|Fernando Valenzuela and Ron Cey celebrate following his game 3 World Series victory in 1981|
Opinion of Kingman's Performance
Sunday, April 1, 2012
Is it Time to Retire No. 34?
I know that the Dodgers have a policy to retire only the numbers of Hall of Famers. But when Jim Gilliam passed away in 1978, they broke tradition and retired his number 19. That opens the door enough for me. The Dodgers need to retire Fernando Valenzuela’s number 34.
What Fernando Valenzuela accomplished between 1981 and 1987 ranks among the best seven year stretch of any Dodger pitcher ever. Always the victim of poor run support, Valenzuela should have been a twenty game winner five times during that stretch. A true competitor and finisher of the games he pitched, his determination and drive combined with having a manager that wasn’t shy in allowing him to pitch beyond thresholds of normalcy probably cost him his Hall of Fame career.
Had Valenzuela been coddled and treated with care as pitchers are today, he likely would have been a premier pitcher for longer than that a seven year stretch. Valenzuela averaged 140 pitches per start in 1985. An unheard of amount of pitches by today’s standards. To make matters worse, he threw that screwball that required that additional twisting torque that had to be a major contributor to his arm problems in later years.
In game three of the ‘81 World Series, an absolute must win game after being down 2-0, Fernando threw over 200 pitches. Imagine that, 200 pitches in the modern era. That is unreal. (NOTE: It has since been noted that Fernando's pitch count was at 149). That is guts and courage. That is one of the clutchiest pitching performances ever witnessed in the Fall Classic because Valenzuela simply didn’t have 40% of his normal stuff that day. His pitches weren’t working, but he gritted out a win on determination and savvy, the things that normally are found in a veteran of many seasons. Not a rookie pitching in his first (and sadly, his only) World Series game.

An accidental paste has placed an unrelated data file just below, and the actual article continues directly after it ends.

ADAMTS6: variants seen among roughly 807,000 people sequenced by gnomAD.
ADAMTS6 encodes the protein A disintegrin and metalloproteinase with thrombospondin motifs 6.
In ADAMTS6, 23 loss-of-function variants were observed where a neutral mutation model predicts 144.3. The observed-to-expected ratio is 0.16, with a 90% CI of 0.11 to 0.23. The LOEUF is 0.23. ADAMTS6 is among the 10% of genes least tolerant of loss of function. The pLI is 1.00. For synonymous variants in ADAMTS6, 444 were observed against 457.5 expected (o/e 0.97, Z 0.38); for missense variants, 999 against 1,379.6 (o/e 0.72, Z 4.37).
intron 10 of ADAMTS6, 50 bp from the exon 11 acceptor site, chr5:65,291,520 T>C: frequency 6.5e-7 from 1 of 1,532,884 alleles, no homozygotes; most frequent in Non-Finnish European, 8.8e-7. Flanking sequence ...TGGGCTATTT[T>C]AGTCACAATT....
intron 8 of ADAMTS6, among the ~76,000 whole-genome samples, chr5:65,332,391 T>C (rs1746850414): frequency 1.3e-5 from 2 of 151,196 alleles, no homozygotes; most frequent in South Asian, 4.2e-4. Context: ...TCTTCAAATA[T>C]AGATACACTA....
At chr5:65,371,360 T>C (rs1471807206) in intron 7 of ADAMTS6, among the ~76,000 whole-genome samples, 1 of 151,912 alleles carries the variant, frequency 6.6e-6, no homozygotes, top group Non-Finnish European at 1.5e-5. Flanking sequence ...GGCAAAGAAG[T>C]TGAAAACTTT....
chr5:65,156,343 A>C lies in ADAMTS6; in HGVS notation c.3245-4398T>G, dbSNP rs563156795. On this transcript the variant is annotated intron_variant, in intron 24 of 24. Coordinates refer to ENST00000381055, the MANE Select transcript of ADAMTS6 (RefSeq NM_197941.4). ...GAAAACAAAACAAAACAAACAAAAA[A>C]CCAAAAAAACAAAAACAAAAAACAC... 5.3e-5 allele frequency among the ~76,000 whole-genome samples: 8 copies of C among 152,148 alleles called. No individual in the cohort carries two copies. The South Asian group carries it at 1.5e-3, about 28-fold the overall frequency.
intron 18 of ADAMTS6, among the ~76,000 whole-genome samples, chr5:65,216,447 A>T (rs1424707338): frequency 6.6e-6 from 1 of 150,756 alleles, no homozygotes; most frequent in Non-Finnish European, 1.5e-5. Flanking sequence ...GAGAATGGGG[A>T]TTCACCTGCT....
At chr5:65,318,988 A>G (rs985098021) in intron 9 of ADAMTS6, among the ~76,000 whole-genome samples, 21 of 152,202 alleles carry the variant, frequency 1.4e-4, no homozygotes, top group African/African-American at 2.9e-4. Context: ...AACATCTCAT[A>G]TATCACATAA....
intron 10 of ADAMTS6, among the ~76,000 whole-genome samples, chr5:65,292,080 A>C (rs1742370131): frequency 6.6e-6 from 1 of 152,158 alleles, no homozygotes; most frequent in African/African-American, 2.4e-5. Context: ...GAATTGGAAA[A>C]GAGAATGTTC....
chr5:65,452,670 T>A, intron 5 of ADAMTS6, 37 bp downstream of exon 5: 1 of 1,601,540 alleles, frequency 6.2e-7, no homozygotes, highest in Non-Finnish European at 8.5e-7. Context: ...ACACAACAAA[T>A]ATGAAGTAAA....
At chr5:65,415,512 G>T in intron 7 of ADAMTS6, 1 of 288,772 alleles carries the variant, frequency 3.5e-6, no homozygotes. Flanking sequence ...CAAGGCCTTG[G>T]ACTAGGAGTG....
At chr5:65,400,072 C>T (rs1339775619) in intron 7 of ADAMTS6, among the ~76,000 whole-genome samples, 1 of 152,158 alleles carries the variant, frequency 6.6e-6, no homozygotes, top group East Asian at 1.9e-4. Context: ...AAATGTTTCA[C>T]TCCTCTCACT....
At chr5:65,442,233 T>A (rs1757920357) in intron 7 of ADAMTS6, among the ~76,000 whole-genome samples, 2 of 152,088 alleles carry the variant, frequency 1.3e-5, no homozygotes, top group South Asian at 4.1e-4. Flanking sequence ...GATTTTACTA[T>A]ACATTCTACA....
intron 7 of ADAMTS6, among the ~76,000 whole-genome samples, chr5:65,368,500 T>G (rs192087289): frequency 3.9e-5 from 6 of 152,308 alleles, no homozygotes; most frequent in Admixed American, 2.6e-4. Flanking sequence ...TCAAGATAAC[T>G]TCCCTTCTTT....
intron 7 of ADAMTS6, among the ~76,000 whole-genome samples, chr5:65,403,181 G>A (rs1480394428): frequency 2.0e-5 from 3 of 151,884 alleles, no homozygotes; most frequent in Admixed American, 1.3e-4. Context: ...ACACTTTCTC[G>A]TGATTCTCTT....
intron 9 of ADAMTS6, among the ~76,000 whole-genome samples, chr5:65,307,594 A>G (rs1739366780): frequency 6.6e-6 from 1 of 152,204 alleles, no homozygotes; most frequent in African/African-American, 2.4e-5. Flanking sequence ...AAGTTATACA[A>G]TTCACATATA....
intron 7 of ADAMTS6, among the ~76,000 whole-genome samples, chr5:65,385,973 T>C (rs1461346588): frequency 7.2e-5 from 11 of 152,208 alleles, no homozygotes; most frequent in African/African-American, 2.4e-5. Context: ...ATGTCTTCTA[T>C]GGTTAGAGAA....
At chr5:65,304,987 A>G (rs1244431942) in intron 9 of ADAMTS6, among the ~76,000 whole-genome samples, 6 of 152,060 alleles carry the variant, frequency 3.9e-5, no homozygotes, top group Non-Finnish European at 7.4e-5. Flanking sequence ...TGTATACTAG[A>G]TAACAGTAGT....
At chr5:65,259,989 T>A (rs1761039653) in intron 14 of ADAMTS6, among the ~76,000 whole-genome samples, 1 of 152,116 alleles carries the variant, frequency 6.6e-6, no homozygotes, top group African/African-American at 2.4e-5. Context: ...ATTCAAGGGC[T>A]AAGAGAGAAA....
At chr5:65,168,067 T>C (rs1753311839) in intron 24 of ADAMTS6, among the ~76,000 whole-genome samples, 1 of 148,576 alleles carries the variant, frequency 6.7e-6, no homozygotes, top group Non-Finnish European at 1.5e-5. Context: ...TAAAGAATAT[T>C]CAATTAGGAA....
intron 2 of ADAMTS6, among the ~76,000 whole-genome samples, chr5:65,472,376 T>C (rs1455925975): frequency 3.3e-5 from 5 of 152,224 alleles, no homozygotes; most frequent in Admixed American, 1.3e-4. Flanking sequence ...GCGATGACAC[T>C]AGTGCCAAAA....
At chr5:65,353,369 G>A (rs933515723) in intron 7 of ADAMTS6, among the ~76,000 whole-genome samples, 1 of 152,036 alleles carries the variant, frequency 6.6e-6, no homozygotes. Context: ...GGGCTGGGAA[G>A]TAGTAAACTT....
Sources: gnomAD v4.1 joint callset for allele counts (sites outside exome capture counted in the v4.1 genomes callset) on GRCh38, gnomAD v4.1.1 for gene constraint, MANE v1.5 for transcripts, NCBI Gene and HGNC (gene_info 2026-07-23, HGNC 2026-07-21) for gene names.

When Valenzuela’s turn came up in the rotation, it was an event and a day the Dodgers expected to win. It was a day when visiting ball parks filled to capacity, even in cities that didn’t draw well. Not only was Fernando a drawing card, but he was as exciting as any player ever to watch. He unified a fan base and glorified a community with pride. To this day, his popularity is still evident with sales of his jersey and memorabilia.
In 1990, in what many consider his defining moment, Fernando tossed that no-hitter at home against St. Louis. In a season, 4 years beyond his prime, Fernando dug deep once more and came up with one more gem of a game. It was fitting that he did it, since he certainly should have accomplished the feat early in his career.
I know that the Dodgers have honored Fernando with several bobbleheads and promotions but wouldn’t the ultimate honor would be a retirement of his jersey. Fernando doesn’t have the numbers to make the Hall of Fame. His induction to Cooperstown will never happen. Voted in the L.A. Times poll last year as the 9th greatest sports figure in Los Angeles history, Fernando is the only non-Hall of Famer on the list. To that I say, “Let’s honor him at home.” Let’s add number 34 to the left field pavilion facade and never allow another player to wear his number. “El Toro” was a great Dodger during a special era. He should have his jersey retired.